At no point in THE LORD OF THE RINGS do we begin to sympathise with Sauron, because we have no reason to make a human connection with him. Even when writers try to explain why people turn evil; as Tolkien does with Saruman, they still end up being so comically villainous as to destroy any human connection that has been established."

Ezra seemed to look backwards into his own life and sighed, "They keys to a well characterised Antagonist are essentially the same as the keys to a well characterised Protagonist:

 well intentioned, but flawed, internally consistent, but most importantly in this case, well explained.

 For the audience to sympathise with an Antagonists it is vitally important that they understand why he is trying to cause such havoc.

We might not necessarily agree with his point of view, but if we at least understand where he is coming from, he no longer appears to be an intangible object in the way of the protagonist’s progress towards victory, but rather a human who has suffered and has come to terms with the suffering in the wrong way."

His eyes grew haunted. 

"Wrong way," he said in words of a rasping, buzzing quality like the sound of a hornet stuck in a jar.

He buried his face in the taunt fingers of one trembling hand.  "My own work does not make sense. A mess ... my writing, stupidity and ignorance all the way through ....   I found after 70 years that I was not a visionary, not even a lunatic but a moron."

As one hopes grace will one day fall down upon you, Alice Wentworth (think Elle Fanning as a zombie Jane Eyre) sat beside Ezra, touching his arm gently.

"Oh, do not speak so.  That is but the voice of your bruised dreams speaking.  You must look beyond your hurts to the wisdom they have brought you."

"Wisdom, ghoul?"

Her face flinched as if slapped.  "Yes, I am ghoul as you are ghost."

Her eerie eyes struggled past the sting into forgiveness.  "There are secrets only the undead may know."

He grunted drily, "What secrets?"

"That what seems so real: the flashing gleam of the bayonet; the hard promise of gold coins; the tender caress of a false lover's kiss ...."

Her voice lowered, " ... are but illusions of the fleeting moment."

She smiled as if her lips hurt.  "The whispery lamentations of loneliness; the invisible balm of true friendship; the forever hunger for acceptance ...."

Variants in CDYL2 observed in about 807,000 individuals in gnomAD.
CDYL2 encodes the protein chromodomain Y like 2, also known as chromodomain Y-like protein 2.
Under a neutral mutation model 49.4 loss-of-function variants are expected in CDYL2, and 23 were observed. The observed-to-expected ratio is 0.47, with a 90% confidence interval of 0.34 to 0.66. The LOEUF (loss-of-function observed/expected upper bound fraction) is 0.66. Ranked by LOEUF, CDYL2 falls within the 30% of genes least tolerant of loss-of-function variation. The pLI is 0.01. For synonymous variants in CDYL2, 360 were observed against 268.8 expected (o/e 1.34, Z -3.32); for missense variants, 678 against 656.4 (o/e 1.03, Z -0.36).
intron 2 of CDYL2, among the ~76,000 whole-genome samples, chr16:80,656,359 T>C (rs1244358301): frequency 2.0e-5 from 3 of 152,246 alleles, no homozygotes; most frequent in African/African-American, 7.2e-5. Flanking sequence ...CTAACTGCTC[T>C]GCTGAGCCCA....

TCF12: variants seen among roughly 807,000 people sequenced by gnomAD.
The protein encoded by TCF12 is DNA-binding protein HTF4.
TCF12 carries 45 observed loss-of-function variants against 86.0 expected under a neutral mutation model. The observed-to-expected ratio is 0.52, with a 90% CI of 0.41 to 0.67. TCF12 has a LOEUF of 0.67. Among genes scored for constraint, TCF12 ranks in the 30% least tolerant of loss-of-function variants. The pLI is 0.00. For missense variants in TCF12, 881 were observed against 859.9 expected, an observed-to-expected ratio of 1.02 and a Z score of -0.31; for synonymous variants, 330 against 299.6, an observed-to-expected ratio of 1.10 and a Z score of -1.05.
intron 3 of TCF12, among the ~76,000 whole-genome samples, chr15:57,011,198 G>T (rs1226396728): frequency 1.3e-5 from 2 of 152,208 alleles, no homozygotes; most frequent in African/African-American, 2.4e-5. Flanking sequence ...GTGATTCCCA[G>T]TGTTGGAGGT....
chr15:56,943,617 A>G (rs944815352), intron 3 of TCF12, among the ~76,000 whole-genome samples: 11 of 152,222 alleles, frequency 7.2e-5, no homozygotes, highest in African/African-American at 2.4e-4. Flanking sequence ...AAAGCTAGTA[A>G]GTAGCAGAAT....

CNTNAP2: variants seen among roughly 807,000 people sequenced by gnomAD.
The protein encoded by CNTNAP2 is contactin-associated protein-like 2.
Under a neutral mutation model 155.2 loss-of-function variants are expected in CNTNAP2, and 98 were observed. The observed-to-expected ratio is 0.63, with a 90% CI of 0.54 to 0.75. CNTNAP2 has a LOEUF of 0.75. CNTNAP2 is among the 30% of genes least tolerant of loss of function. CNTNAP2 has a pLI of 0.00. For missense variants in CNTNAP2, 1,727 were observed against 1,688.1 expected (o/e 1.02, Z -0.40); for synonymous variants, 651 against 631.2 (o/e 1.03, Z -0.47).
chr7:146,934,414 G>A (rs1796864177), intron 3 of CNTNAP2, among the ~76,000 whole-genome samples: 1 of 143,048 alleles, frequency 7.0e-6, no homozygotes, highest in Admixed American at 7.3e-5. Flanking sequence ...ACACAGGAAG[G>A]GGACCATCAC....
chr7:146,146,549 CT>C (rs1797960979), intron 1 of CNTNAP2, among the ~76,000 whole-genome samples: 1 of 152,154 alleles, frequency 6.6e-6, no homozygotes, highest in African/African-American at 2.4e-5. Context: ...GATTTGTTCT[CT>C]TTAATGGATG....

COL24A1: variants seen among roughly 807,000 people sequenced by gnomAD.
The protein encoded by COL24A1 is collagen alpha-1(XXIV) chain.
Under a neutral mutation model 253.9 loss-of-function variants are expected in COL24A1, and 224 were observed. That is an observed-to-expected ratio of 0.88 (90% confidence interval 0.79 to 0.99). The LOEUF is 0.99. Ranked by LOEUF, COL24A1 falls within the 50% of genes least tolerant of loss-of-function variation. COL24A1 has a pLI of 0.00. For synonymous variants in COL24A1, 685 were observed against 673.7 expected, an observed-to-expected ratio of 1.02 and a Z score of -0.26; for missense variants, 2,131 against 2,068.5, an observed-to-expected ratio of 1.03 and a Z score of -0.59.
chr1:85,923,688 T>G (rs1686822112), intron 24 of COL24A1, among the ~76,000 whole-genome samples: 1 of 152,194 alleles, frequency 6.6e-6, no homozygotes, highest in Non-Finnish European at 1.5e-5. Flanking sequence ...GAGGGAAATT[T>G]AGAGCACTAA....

Black tears filled her neon blue eyes.  "Sacred love which cannot be seen, yet cannot be denied nor be bought and thus cannot die ....  All of these are more real than the insubstantial lusts of the moment and will outlast the world."

Victor Standish sat with a flourish beside Alice who seemed to glow at the sight of the laughing gypsy.  "Yeah, the rich have butlers but no friends.  We have friends but no butlers."

He winked at Alice, "We have the better deal."

Ezra smiled slightly.  "You two give me hope."

Alice seemed to grow an inch, and I remembered what Victor once told me:

“None of us can ever save himself.  We are the path for one another’s salvation.  And only by the hope that we give others can we lift ourselves out of the darkness and into the light.”
{What importance do you place on the nature of your characters in your novels?} 


  1. The nature of the characters is what forms the basis for their decisons, and how they respond to events or other characters. I consider it an element of writing. It affects their believability.

    I haven't read any of Ezra Pound, even though I believe he was one of the Lost Generation.

  2. D.G.:
    Yes, exactly. Without properly motivated characters, your tale seems hollow. Ezra was his own worst enemy and was one of the truly lost of the Lost Generation.

    Thanks for visiting and staying to chat, Roland

  3. The characters are the story, and they must be real before the story even begins.